The average of those three deals is $68 million, or $17 mil per year. May sound high for Ilyasova, but there will be teams interested in his services as a stretch-four with the NBA continuing to shift toward the more wiry power forward who can drill threes.

"I remember my first, second year, it was always being about big guys, heavy post-up players," Ilyasova said Wednesday.

"But the way basketball is going now, it's all about stretching the floor, playing small and underweight and outside the three-point line. Obviously, that's a big credit to Golden State, you think about it, the way they won the championship ... this is the new NBA, I'd say. It's all about movement and stretching the floor, being able to shoot those threes."

 

Ilyasova might even be a top-five free agent at his position. He's clearly behind impending free agents Blake Griffin, Paul Millsap and Serge Ibaka, but the next tier would include Ilyasova, Taj Gibson and Nikola Mirotic. (The expectation is Griffin will re-sign with the Clippers, but who knows with the other five.)

Next year's rotation
It's been made pretty clear this season that the ideal complement to Embiid is a four with Ilyasova's skill set. That doesn't necessarily mean the Sixers must or even should keep Ilyasova, but through him, the team has identified the type of player that makes the most sense in a lineup with Embiid.

When projecting the Sixers' starting lineup next season, obviously include Ben Simmons and Embiid, then probably Robert Covington for his defensive presence and long-range shooting. (Covington has made himself a solid pro.)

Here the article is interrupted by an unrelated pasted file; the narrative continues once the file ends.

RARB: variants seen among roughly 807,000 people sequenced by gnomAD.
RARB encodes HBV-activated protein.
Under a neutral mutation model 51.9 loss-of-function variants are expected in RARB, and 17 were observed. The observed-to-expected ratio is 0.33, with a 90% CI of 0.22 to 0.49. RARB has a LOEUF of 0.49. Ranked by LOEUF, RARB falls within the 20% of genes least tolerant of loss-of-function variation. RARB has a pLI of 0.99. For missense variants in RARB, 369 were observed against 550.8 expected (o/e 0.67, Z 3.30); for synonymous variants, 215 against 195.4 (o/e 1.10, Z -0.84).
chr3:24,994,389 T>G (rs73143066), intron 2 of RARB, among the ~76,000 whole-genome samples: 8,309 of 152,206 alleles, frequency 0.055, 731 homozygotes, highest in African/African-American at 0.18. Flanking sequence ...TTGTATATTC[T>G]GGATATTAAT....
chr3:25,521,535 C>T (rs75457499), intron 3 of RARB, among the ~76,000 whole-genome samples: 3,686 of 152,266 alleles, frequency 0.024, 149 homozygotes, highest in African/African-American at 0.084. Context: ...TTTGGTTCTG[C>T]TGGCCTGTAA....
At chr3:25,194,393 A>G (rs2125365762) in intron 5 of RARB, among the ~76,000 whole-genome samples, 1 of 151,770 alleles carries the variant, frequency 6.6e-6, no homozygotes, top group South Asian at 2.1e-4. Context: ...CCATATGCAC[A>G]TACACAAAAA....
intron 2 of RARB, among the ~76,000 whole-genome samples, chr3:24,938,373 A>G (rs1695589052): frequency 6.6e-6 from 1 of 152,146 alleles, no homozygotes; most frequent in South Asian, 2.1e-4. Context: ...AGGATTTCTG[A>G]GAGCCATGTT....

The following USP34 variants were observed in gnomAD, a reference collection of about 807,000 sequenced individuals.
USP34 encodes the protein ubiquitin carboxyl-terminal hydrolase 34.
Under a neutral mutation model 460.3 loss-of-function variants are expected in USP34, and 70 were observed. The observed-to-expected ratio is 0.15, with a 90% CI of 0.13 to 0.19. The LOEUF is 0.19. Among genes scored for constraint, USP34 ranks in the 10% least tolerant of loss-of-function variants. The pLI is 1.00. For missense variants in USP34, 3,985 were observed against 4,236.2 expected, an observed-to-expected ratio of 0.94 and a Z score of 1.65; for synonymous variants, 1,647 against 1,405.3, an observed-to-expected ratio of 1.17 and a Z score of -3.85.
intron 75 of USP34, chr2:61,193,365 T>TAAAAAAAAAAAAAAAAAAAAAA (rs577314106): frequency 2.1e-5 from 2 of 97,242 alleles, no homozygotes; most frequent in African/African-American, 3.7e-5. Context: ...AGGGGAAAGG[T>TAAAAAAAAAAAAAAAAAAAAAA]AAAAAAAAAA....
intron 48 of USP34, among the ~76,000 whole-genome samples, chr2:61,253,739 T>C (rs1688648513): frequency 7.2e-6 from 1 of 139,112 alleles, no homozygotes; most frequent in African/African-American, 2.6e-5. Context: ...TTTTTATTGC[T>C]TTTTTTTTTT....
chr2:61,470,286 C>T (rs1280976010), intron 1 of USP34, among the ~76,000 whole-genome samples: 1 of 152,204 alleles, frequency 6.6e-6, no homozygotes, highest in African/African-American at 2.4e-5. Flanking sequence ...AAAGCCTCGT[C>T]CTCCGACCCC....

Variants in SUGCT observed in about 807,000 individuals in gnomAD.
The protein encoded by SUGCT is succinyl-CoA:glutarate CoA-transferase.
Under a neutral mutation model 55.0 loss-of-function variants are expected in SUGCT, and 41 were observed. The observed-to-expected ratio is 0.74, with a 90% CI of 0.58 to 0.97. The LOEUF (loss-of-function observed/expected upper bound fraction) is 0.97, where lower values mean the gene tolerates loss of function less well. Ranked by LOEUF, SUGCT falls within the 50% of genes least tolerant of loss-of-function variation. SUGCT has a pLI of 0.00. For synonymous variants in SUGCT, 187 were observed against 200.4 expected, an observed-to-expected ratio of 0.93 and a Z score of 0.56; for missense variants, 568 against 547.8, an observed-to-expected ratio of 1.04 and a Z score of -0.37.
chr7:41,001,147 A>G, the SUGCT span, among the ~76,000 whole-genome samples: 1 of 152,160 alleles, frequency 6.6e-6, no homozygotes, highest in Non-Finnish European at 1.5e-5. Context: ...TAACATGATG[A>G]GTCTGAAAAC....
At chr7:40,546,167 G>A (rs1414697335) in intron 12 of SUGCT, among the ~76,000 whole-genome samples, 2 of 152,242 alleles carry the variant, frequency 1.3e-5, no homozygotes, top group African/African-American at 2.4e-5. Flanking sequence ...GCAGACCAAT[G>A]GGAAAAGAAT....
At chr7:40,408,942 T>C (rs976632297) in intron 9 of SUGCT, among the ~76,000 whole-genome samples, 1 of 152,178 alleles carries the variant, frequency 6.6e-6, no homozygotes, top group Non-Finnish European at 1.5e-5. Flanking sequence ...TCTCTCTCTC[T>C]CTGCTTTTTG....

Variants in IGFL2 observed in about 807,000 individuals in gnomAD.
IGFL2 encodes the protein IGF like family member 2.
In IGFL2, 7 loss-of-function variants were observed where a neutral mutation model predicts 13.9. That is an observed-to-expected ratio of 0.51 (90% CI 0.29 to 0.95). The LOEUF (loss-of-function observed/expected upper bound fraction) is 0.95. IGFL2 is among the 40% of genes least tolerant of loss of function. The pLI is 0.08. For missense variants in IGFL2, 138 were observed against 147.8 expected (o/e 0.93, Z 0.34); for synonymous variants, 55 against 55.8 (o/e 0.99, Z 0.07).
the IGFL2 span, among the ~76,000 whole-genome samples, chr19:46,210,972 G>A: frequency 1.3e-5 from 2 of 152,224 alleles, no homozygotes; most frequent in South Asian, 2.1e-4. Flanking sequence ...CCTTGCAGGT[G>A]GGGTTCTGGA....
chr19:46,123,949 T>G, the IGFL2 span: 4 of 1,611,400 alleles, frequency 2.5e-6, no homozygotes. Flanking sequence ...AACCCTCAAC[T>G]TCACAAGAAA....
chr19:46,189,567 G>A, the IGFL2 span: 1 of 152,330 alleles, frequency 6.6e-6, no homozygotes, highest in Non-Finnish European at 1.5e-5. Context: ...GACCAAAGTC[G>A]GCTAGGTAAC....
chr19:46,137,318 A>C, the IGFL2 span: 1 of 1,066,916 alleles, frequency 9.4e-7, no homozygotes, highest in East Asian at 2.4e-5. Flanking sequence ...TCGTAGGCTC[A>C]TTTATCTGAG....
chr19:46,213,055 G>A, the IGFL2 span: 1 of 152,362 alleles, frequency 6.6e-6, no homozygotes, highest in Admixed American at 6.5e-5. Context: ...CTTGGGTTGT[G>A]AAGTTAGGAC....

General manager Bryan Colangelo has said often that he no longer prioritizes building a team with the traditional five positions, but rather with guards, wings and bigs. 

Thus, you'll likely see some Sixers lineups next year that include Simmons as the point guard with a shooter at the other guard spot, but you could also see some lineups with two guards and Simmons serving as a wing.

The draft this summer is guard-heavy, and with the Sixers holding potentially two top-five picks, they'll be able to fill their need for a more dynamic player at the two. But if they don't bring back Ilyasova, they'd have a bit of a hole at the four. Is Dario Saric ready to step into that starting role? Even if he does, the Sixers would need a capable backup, especially against bigger teams. 

Obviously, a lot of this will be determined by how Simmons fits in both offensively and defensively. That's why there's importance to his playing after the All-Star break if he's healthy enough, even though resting him a full season after the Jones fracture might be the safest long-term decision. The Sixers will want to see how they need to build a team around these two young stars and you can only get a somewhat complete picture of that if you see them play together in meaningful NBA games.

To pay or not to pay
The Sixers have oodles of salary cap space, but that's not necessarily an argument to give Ilyasova that $15 million-plus per year.

They could certainly afford him, but that also means they could afford someone better, via free agency or trade. If the Sixers were to bring back both Ilyasova and Nerlens Noel, they'd be keeping a core intact but also hampering their ability to splurge on another piece down the road.

How Ilyasova finishes this season will determine things. Hopefully, we get at least a glimpse in the second half of a Sixers lineup of say, Simmons, Gerald Henderson, Covington, Ilyasova and Embiid.